December 11, 2014

Ask Jami: How Can We Make a Story Believable?

Card hand of 4 aces with text: What Makes a Story Unbelievable?

Years ago, I talked about some of the issues that can take a reader out of the story. It’s an important problem to learn about because as soon as immersion is broken for a reader, their suspension of disbelief is at risk.

There are plenty of books and movies I’ve enjoyed until about five minutes after the end. Then my analytical nature takes over and thinks, “Hey, wait a minute…,” and I start deconstructing all the aspects that didn’t make sense. (My family’s plot hole analyses are epic. *smile*)

At least in those cases, I was pulled enough into the story that I didn’t notice the issues until after the fact (which is why it’s so important to keep readers immersed). What’s even worse is if the unbelievable aspects are bad enough to kick readers out of the story midway.

Those readers aren’t likely to pick up the book again. Or if they do, it might be to live tweet all the details they find craptastic or to write a hate-read review. Obviously then, we want to make our story as believable as possible, within the expectations of our genre.

Today’s post is prompted by a question from P.J. Quirino:

“What does it mean to make a story believable? Does it mean to create scenes and world and emotions in the story that a reader can relate to and can feel what the character feels?”

That’s not a straightforward question because there are many ways our stories can feel unbelievable. Let’s dig deeper and see if we can discover some tips and elements to watch out for.

The Many Faces of Unbelievable Storytelling

Storytelling is always about finding a balance. We have to make our stories clear enough to avoid confusion, but we also need to leave enough in the subtext that our prose isn’t too on-the-nose. We have to explore our characters’ emotions to lure in our readers, but we don’t want to slow down the pace. And we have to make our plot both unexpected and inevitable at the same time.

(Easy, right? Or not…)

When it comes to believability, issues could crop up within the plot, characters, or worldbuilding. We have to find the right balance within each of those areas, or readers won’t buy the story we’re selling (literally and figuratively).

(I really hope no one ever told you that writing would be easy. *smile*)

However, there’s no always-right “don’t do this” advice because believability varies widely by genre. Unless we’re writing the equivalent of the novel version of the movie From Dusk to Dawn, what’s going to be believable in a contemporary bank heist story is going to be different from what’s believable in a vampire horror story.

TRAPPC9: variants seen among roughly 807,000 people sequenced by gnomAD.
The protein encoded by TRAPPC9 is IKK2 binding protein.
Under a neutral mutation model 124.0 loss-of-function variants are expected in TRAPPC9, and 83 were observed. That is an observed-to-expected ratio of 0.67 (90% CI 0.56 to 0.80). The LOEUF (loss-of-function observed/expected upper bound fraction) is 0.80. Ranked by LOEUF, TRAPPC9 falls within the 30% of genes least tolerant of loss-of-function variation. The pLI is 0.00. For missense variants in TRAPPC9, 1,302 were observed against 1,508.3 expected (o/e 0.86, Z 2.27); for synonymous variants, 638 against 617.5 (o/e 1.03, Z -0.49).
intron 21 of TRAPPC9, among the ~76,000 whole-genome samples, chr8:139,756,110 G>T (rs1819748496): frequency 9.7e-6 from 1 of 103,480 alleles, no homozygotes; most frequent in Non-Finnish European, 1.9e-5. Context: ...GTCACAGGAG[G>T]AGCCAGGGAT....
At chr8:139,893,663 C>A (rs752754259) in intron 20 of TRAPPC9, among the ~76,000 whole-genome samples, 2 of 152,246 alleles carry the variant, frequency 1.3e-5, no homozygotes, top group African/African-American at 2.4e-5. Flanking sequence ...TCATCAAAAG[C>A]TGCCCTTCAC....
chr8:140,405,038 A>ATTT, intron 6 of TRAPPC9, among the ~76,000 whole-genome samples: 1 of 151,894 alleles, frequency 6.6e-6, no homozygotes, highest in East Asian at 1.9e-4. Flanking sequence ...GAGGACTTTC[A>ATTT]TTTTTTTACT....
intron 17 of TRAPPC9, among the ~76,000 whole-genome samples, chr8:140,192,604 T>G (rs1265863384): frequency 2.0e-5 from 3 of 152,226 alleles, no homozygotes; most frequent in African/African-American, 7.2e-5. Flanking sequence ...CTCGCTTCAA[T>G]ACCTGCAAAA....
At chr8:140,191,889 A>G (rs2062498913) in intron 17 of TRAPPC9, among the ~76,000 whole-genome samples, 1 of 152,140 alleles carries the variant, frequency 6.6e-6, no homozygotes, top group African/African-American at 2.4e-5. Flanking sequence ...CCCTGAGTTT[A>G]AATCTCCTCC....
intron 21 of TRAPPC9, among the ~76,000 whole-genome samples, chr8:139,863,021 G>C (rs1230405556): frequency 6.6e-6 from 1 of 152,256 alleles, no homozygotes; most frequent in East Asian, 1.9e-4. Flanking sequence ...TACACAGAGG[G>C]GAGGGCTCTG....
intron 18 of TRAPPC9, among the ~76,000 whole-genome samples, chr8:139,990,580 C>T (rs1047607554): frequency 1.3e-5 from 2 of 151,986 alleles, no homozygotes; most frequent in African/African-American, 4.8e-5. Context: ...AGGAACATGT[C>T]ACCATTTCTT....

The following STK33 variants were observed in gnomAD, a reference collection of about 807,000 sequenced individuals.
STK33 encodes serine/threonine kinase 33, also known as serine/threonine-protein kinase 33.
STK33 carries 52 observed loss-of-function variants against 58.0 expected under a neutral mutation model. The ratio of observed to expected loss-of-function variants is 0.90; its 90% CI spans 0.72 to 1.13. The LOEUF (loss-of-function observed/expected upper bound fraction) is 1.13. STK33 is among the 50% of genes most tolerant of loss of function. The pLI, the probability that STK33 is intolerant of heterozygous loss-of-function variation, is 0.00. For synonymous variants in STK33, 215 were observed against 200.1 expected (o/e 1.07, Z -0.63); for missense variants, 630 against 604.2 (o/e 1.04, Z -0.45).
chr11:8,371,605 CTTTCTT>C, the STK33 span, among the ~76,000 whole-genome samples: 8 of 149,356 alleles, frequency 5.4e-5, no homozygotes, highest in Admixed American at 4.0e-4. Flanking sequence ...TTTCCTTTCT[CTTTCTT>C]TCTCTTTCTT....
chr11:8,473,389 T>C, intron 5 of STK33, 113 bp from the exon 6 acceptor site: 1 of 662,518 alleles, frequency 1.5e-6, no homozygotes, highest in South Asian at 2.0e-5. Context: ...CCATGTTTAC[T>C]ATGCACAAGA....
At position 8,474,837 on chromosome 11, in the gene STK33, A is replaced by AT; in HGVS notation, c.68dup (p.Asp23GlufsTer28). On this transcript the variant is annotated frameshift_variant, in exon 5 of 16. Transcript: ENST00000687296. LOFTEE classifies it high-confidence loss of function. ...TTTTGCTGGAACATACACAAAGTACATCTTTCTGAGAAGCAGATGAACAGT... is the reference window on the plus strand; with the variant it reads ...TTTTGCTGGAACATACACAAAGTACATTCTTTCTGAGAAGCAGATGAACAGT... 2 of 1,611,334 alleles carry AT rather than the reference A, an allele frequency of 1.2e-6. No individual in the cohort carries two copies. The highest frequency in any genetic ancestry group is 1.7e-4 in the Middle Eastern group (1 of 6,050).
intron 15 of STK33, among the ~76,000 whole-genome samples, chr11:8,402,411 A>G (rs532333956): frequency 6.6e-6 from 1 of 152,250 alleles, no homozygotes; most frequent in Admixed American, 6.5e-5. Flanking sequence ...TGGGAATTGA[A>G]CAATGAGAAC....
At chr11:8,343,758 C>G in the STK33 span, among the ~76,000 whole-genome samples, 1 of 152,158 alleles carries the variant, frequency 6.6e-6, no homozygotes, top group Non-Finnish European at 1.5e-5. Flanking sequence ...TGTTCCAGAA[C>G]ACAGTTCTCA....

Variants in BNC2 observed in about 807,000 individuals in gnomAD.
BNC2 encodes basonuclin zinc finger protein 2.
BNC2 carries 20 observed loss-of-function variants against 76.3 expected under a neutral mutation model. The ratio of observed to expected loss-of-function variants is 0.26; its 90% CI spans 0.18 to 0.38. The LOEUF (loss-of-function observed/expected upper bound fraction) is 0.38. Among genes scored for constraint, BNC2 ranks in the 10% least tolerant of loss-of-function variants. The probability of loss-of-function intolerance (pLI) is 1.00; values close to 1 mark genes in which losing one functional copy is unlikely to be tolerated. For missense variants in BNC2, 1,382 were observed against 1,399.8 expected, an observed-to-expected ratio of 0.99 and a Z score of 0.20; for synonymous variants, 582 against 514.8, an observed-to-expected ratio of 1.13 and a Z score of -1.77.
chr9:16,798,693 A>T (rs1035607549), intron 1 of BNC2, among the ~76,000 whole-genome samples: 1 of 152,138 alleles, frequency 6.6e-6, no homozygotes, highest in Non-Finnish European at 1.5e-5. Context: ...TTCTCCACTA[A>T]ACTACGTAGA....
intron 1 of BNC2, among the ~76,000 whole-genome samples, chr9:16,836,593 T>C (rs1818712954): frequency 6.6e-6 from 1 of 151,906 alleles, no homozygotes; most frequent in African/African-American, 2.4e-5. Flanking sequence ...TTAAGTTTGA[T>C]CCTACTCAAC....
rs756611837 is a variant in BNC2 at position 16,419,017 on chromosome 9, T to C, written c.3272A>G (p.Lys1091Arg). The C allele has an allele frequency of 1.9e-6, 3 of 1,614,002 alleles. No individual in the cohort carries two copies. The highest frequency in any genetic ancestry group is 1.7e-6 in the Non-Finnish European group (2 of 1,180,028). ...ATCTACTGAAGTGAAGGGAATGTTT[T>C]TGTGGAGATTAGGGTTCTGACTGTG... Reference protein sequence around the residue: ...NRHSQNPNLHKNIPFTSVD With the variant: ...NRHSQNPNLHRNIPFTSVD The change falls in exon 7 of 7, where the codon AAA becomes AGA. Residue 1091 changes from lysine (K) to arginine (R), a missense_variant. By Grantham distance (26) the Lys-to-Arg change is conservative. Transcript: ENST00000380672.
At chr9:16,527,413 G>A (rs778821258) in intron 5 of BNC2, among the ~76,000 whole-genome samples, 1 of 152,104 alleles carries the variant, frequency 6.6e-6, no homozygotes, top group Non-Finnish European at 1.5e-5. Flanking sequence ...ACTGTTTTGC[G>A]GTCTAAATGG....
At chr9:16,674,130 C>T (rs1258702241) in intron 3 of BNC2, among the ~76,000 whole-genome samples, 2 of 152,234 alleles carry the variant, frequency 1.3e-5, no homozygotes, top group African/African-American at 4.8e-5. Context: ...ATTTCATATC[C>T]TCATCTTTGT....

So the first aspect of believability to check might be:

  • Ensure the premise is plausible within the bounds of genre expectations.

As I mentioned in my older post:

“Science fiction authors have to make the technology sound believable. Legal thrillers have to play out according to set laws. Paranormal authors have to decide if modified DNA, magic, or other things determine the rules of the world.”

Furthermore, within each of the genres, there’s variety based on tone, mood, setting, etc. A spy thriller could be based in U.S. Revolutionary War days and be light but serious, or a spy thriller could be based in contemporary Japan and be dark but funny. Each of those variations will change the suspension of disbelief necessary, as well as the line for plausible and believable.

If we receive feedback that our story isn’t believable, but we’re not suffering from any of the specific problems below, we might want to double check reader expectations. Was there a mismatch between our genre, premise, style, or setting? Did readers expect one kind of story and we delivered a different kind of story?

In that case, we might look at our genre category, book description, tagline, or marketing. Those are all things we could change to match the story we have, rather than trying to redesign our whole story.

However, many times something might be unbelievable within the story itself and need to be resolved. Let’s take a look at the most likely culprits.

Frequent Issues with Unbelievable Plots


Storytelling doesn’t like coincidences when they make the situation too easy on the character. This is the “Oh, she just happened to run into the person she was looking for but didn’t know how to find” problem. It’s too convenient to be believable.

Random events that are coincidences are only liked when they make things harder on the characters. Harder = Okay. Easier = Not Okay.

Too Convoluted:

When plots get so convoluted that readers are confused, they might give up trying to figure it out and just think it’s too implausible. In other words, this is the opposite of too many easy coincidences. Here, there are too many moving pieces to believe that they’d all come together for the resolution in a realistic way.

Not Enough Conflict or Tension:

This is similar to the coincidences issue, in that things are too easy for our characters. Life is hard, so readers want to see the characters struggle. It’s too unbelievable when they skate through the story.

Forcing Too Stupid To Live (TSTL) Actions

Some plot events force the character to act as puppets to the plot. They have to do something the character would know was A Bad Idea because without it, the plot falls apart. Readers can’t believe the character would do such a stupid thing.